Framestore are delighted to announce their collaboration with Activision and Freestyle Games on the re-birth of the pop culture phenomenon Guitar Hero. With the brand new controller comes a whole new immersive experience, with live-action crowds that dynamically react to your every move, as well as a raft of other new features.
Framestore were given the huge task of set-extending the varied CG environments and creating the dynamic midground and background CG crowds for the game, with collaboration from their mo-cap department, lighting, animation, crowd technical directors, texture artists, modellers, riggers, trackers, and yet more from the Film, Commercials and Digital divisions, totalling 129 crew. The team had to create the emotions in the crowd as they change depending on how well you play, so the amount of data captured was staggering. “We’ve completed over six hours’ worth of VFX footage, the equivalent of more than three big-scale VFX movies”, explained VFX Producer Liz Oliver. Normal VFX film shots are around 200 frames long; with the average song coming out at over 6,000 frames, the scale of the project was unprecedented.
Framestore were consulted at a conceptual stage, with proof of concept tests and pilots conducted by the digital, commercials and live action production departments. Once these had been approved the work really got going, with various shoots and mo-cap sessions held to capture a range of audience reactions to the diverse genres of music present in the game. “Being on board so early on in the project was crucial to its success”, explained VFX Supervisor Pedro Sabrosa. “We were collaborating with all the different departments, from the lighting team to the motion capture crew, and during shoots we had to make sure all of the camera moves, stage lighting, and music were in sync. This was essential, to ensure the elements would come together later in the process”.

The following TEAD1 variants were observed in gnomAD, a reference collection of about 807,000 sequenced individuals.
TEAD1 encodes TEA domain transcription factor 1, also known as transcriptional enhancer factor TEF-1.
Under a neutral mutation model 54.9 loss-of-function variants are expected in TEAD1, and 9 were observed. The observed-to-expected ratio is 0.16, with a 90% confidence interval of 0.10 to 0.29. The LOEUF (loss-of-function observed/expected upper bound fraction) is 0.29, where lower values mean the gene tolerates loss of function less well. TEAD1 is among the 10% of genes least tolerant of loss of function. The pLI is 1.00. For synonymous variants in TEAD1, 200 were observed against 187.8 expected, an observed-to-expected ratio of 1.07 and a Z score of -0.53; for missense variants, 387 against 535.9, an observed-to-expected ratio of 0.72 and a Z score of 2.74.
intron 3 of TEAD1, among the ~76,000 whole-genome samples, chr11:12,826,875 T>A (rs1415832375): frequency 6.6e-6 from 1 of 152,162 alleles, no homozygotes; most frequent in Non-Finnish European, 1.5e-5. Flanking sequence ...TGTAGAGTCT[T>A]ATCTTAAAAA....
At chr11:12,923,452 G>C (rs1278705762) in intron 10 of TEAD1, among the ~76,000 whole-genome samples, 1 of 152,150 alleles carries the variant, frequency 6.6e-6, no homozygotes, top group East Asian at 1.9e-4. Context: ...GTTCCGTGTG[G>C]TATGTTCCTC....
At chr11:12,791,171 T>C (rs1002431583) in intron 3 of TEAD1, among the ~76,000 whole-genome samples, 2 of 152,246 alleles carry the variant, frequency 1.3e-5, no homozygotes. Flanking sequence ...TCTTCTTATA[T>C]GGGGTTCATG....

The team then had to figure out how to arrange the live action band, crowd and lighting material with all the CG elements, blending everything together seamlessly to create the massive crowd simulations and photoreal environments. “We designed a bespoke system that captured all of the data from the lighting of the shoot, including light intensity, colour, position and motion. This allowed us to replicate the exact conditions in the 3D world we then created”, reflected CG Supervisor Alan Woods.
Creating realistic environments for the bands to play in was also a challenge for the CG team, with texture artists and compositors working on seven separate venues. All this work was topped off with a grade from Edwin Metternich.
Guitar Hero Live’s release coincides with the release of GHTV - the world’s first playable live music video network.